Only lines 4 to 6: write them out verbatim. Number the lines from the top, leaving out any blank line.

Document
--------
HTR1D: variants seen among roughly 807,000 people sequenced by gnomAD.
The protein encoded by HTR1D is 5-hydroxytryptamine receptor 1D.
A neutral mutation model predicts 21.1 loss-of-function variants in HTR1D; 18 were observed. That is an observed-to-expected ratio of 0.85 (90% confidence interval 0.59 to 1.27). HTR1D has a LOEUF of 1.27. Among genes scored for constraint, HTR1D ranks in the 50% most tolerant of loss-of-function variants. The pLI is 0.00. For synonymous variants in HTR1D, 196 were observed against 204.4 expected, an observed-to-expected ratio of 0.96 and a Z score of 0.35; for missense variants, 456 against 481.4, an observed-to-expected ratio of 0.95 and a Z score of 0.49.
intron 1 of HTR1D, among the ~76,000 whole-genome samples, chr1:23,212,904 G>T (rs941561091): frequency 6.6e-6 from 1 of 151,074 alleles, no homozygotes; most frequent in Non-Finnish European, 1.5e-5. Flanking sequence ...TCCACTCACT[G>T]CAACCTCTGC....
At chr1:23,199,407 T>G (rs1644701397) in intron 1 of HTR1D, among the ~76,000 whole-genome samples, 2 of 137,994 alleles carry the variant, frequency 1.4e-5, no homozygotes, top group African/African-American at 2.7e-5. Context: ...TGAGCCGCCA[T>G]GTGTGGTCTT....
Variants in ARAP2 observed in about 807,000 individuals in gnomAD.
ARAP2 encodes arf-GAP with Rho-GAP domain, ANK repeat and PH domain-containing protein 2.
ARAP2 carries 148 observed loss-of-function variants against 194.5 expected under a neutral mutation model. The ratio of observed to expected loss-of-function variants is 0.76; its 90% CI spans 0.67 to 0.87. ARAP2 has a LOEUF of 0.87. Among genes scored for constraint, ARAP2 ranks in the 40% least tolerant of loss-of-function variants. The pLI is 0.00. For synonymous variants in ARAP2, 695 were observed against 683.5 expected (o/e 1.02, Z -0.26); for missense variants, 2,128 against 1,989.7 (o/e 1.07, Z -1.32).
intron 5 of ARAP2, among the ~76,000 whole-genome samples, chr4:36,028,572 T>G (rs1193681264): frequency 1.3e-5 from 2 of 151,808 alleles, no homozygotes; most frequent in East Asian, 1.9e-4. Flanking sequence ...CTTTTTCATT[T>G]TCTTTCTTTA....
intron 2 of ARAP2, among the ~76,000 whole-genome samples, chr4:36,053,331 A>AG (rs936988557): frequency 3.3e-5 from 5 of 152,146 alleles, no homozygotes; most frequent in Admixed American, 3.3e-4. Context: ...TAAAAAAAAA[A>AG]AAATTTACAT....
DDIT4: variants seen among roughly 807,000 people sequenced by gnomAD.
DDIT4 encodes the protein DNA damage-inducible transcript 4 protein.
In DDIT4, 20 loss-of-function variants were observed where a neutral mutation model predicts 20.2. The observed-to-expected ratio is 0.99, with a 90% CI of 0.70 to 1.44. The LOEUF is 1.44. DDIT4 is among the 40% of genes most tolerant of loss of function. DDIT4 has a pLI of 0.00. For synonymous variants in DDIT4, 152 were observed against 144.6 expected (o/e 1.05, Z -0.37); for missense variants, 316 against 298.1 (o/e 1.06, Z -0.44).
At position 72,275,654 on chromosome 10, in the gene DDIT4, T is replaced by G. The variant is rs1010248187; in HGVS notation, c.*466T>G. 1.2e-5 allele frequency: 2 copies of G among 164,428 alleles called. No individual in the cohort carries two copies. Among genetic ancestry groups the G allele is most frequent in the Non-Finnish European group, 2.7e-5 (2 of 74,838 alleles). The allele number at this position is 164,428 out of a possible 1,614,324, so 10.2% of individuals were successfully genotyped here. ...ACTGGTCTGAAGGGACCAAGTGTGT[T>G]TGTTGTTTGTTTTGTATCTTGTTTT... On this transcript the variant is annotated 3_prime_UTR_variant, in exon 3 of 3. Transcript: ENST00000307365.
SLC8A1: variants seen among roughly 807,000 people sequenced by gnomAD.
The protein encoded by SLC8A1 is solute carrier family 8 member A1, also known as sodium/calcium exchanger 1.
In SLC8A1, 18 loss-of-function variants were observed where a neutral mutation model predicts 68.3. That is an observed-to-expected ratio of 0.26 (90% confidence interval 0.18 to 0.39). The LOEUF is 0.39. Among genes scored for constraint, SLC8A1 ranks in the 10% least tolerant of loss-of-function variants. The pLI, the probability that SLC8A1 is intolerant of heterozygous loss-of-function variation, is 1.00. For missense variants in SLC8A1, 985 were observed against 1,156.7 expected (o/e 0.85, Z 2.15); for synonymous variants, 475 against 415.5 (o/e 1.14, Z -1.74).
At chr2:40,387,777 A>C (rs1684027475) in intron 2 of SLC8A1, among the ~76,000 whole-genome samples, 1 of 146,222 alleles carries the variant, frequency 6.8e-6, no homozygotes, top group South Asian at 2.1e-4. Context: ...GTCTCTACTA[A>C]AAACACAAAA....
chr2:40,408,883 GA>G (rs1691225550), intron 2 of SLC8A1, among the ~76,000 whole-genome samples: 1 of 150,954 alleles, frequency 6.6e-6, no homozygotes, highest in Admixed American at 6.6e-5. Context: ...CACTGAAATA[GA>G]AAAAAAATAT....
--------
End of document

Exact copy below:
intron 1 of HTR1D, among the ~76,000 whole-genome samples, chr1:23,212,904 G>T (rs941561091): frequency 6.6e-6 from 1 of 151,074 alleles, no homozygotes; most frequent in Non-Finnish European, 1.5e-5. Flanking sequence ...TCCACTCACT[G>T]CAACCTCTGC....
At chr1:23,199,407 T>G (rs1644701397) in intron 1 of HTR1D, among the ~76,000 whole-genome samples, 2 of 137,994 alleles carry the variant, frequency 1.4e-5, no homozygotes, top group African/African-American at 2.7e-5. Context: ...TGAGCCGCCA[T>G]GTGTGGTCTT....
Variants in ARAP2 observed in about 807,000 individuals in gnomAD.